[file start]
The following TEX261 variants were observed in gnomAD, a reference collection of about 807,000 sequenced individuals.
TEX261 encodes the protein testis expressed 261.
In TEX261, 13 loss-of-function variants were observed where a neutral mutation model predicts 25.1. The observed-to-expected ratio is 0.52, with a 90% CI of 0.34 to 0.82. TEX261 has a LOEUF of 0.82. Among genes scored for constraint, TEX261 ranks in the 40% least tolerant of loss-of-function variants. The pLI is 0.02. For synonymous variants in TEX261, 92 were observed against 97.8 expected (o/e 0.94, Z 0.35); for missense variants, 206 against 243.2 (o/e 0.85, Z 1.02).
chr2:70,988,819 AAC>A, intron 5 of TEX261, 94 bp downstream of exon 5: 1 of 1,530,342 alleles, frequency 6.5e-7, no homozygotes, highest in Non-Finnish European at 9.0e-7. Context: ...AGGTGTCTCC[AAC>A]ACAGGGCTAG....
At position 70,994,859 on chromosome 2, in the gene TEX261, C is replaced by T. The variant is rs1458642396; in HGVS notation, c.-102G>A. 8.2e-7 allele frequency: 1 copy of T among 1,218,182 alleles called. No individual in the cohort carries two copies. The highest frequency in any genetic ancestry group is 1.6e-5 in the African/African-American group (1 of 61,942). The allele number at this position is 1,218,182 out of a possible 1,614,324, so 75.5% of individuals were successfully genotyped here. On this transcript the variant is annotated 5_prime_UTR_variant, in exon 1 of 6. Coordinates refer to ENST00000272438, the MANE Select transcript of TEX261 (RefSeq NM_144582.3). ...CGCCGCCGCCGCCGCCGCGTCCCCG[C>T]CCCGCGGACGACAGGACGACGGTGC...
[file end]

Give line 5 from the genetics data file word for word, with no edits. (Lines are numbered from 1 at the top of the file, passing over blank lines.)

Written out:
At position 70,994,859 on chromosome 2, in the gene TEX261, C is replaced by T. The variant is rs1458642396; in HGVS notation, c.-102G>A. 8.2e-7 allele frequency: 1 copy of T among 1,218,182 alleles called. No individual in the cohort carries two copies. The highest frequency in any genetic ancestry group is 1.6e-5 in the African/African-American group (1 of 61,942). The allele number at this position is 1,218,182 out of a possible 1,614,324, so 75.5% of individuals were successfully genotyped here. On this transcript the variant is annotated 5_prime_UTR_variant, in exon 1 of 6. Coordinates refer to ENST00000272438, the MANE Select transcript of TEX261 (RefSeq NM_144582.3). ...CGCCGCCGCCGCCGCCGCGTCCCCG[C>T]CCCGCGGACGACAGGACGACGGTGC...